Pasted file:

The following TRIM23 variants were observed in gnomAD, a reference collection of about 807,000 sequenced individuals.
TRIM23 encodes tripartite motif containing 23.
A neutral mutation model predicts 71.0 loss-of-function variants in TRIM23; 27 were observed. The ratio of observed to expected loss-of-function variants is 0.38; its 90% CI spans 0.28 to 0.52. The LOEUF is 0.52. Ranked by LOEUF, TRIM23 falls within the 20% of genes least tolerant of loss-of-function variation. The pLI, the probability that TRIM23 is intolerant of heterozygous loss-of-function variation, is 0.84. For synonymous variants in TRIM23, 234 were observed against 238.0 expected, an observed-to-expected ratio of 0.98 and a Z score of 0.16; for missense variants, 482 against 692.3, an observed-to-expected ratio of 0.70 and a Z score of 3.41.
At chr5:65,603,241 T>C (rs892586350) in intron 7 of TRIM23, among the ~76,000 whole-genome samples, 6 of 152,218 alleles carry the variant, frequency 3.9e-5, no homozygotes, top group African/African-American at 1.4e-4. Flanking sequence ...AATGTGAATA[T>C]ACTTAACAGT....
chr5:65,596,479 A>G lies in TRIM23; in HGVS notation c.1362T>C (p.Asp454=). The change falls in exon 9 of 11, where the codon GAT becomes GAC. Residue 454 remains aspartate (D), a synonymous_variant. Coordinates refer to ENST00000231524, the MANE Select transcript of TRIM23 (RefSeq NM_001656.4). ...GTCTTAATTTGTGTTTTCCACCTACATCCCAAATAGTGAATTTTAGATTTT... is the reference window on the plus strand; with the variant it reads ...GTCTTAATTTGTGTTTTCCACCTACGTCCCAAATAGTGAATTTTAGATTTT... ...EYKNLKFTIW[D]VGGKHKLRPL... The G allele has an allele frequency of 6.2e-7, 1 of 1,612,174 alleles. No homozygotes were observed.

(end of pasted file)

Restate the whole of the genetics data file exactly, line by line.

The following TRIM23 variants were observed in gnomAD, a reference collection of about 807,000 sequenced individuals.
TRIM23 encodes tripartite motif containing 23.
A neutral mutation model predicts 71.0 loss-of-function variants in TRIM23; 27 were observed. The ratio of observed to expected loss-of-function variants is 0.38; its 90% CI spans 0.28 to 0.52. The LOEUF is 0.52. Ranked by LOEUF, TRIM23 falls within the 20% of genes least tolerant of loss-of-function variation. The pLI, the probability that TRIM23 is intolerant of heterozygous loss-of-function variation, is 0.84. For synonymous variants in TRIM23, 234 were observed against 238.0 expected, an observed-to-expected ratio of 0.98 and a Z score of 0.16; for missense variants, 482 against 692.3, an observed-to-expected ratio of 0.70 and a Z score of 3.41.
At chr5:65,603,241 T>C (rs892586350) in intron 7 of TRIM23, among the ~76,000 whole-genome samples, 6 of 152,218 alleles carry the variant, frequency 3.9e-5, no homozygotes, top group African/African-American at 1.4e-4. Flanking sequence ...AATGTGAATA[T>C]ACTTAACAGT....
chr5:65,596,479 A>G lies in TRIM23; in HGVS notation c.1362T>C (p.Asp454=). The change falls in exon 9 of 11, where the codon GAT becomes GAC. Residue 454 remains aspartate (D), a synonymous_variant. Coordinates refer to ENST00000231524, the MANE Select transcript of TRIM23 (RefSeq NM_001656.4). ...GTCTTAATTTGTGTTTTCCACCTACATCCCAAATAGTGAATTTTAGATTTT... is the reference window on the plus strand; with the variant it reads ...GTCTTAATTTGTGTTTTCCACCTACGTCCCAAATAGTGAATTTTAGATTTT... ...EYKNLKFTIW[D]VGGKHKLRPL... The G allele has an allele frequency of 6.2e-7, 1 of 1,612,174 alleles. No homozygotes were observed.